Fork and knife, Meissen
This fork and knife from 1730 illustrate how cutlery grew in importance from the Renaissance on, especially following certain modifications in form and style.
A rounded blade now distinguished the table knife from the kitchen knife with its pointed blade. And the fork, which in the 17th century had two prongs, now had a third one, which made it easier to bring food to the mouth.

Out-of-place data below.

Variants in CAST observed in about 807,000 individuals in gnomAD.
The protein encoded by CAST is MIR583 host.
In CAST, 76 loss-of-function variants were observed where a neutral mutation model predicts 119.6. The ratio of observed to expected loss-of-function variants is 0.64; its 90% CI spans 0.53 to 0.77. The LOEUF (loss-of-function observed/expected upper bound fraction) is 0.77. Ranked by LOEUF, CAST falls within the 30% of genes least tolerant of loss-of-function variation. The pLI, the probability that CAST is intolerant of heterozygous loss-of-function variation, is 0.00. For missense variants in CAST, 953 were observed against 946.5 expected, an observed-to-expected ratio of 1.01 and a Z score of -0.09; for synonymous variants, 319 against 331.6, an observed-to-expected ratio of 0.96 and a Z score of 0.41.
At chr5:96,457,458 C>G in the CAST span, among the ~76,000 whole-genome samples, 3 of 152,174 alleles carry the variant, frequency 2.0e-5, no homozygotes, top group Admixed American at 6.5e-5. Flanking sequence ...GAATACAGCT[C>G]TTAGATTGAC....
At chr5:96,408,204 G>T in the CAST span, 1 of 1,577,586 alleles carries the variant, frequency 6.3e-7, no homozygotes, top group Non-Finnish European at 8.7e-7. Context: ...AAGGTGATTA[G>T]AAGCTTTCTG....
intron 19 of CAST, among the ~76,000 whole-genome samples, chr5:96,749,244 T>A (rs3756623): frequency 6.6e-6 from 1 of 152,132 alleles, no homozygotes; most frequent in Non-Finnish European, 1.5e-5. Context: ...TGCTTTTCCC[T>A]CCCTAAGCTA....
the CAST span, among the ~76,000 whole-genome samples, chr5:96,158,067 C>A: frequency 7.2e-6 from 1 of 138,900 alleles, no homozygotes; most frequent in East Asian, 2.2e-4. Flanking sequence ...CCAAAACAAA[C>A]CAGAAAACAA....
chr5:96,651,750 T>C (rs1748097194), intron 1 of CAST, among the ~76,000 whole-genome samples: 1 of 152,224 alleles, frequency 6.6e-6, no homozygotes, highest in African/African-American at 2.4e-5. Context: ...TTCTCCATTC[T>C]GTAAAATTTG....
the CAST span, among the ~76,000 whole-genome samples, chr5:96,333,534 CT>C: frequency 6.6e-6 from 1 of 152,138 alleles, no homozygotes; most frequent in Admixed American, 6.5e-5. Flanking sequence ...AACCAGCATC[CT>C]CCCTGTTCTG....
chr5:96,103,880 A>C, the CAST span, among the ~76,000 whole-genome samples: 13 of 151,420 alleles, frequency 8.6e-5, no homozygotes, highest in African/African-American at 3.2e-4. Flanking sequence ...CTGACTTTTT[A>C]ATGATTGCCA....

The growing importance of cutlery also manifested itself in the handles. Made of Meissen porcelain, their floral pattern is characteristic for objects produced by this German manufacturer, which was famous for furnishing Europe’s stately homes in the 18th century. The skilful production of these two pieces involved pushing a metal tang right through the handle where it ends in a decorative rivet.